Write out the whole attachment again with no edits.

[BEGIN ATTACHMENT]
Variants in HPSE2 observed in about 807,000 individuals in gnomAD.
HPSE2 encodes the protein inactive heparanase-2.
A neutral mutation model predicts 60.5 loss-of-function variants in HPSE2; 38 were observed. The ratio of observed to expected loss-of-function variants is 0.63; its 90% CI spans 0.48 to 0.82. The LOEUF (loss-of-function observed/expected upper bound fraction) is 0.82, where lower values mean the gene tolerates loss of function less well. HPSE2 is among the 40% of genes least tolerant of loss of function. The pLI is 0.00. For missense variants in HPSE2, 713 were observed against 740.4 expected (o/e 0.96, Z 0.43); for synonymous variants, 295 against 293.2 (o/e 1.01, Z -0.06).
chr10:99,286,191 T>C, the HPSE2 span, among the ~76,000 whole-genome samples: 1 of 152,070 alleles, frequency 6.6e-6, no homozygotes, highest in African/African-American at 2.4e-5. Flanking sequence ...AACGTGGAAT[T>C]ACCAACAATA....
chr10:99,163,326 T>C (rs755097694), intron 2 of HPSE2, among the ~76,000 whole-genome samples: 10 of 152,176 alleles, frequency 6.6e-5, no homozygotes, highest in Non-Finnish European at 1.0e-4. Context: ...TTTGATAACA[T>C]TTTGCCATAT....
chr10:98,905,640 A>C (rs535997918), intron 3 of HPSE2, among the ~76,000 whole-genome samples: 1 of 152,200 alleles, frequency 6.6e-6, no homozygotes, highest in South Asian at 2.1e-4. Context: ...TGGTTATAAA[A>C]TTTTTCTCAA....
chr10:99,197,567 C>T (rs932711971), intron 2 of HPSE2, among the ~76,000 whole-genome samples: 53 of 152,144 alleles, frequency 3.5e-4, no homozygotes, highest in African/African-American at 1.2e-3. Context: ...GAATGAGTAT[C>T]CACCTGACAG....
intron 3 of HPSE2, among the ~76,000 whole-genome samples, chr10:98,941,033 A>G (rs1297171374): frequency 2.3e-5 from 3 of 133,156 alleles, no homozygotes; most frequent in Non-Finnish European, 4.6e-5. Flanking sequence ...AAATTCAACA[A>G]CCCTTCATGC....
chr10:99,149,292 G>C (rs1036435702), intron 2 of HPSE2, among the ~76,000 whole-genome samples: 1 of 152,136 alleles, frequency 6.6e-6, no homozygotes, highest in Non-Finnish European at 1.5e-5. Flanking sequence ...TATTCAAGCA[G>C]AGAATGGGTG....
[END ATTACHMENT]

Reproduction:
Variants in HPSE2 observed in about 807,000 individuals in gnomAD.
HPSE2 encodes the protein inactive heparanase-2.
A neutral mutation model predicts 60.5 loss-of-function variants in HPSE2; 38 were observed. The ratio of observed to expected loss-of-function variants is 0.63; its 90% CI spans 0.48 to 0.82. The LOEUF (loss-of-function observed/expected upper bound fraction) is 0.82, where lower values mean the gene tolerates loss of function less well. HPSE2 is among the 40% of genes least tolerant of loss of function. The pLI is 0.00. For missense variants in HPSE2, 713 were observed against 740.4 expected (o/e 0.96, Z 0.43); for synonymous variants, 295 against 293.2 (o/e 1.01, Z -0.06).
chr10:99,286,191 T>C, the HPSE2 span, among the ~76,000 whole-genome samples: 1 of 152,070 alleles, frequency 6.6e-6, no homozygotes, highest in African/African-American at 2.4e-5. Flanking sequence ...AACGTGGAAT[T>C]ACCAACAATA....
chr10:99,163,326 T>C (rs755097694), intron 2 of HPSE2, among the ~76,000 whole-genome samples: 10 of 152,176 alleles, frequency 6.6e-5, no homozygotes, highest in Non-Finnish European at 1.0e-4. Context: ...TTTGATAACA[T>C]TTTGCCATAT....
chr10:98,905,640 A>C (rs535997918), intron 3 of HPSE2, among the ~76,000 whole-genome samples: 1 of 152,200 alleles, frequency 6.6e-6, no homozygotes, highest in South Asian at 2.1e-4. Context: ...TGGTTATAAA[A>C]TTTTTCTCAA....
chr10:99,197,567 C>T (rs932711971), intron 2 of HPSE2, among the ~76,000 whole-genome samples: 53 of 152,144 alleles, frequency 3.5e-4, no homozygotes, highest in African/African-American at 1.2e-3. Context: ...GAATGAGTAT[C>T]CACCTGACAG....
intron 3 of HPSE2, among the ~76,000 whole-genome samples, chr10:98,941,033 A>G (rs1297171374): frequency 2.3e-5 from 3 of 133,156 alleles, no homozygotes; most frequent in Non-Finnish European, 4.6e-5. Flanking sequence ...AAATTCAACA[A>G]CCCTTCATGC....
chr10:99,149,292 G>C (rs1036435702), intron 2 of HPSE2, among the ~76,000 whole-genome samples: 1 of 152,136 alleles, frequency 6.6e-6, no homozygotes, highest in Non-Finnish European at 1.5e-5. Flanking sequence ...TATTCAAGCA[G>C]AGAATGGGTG....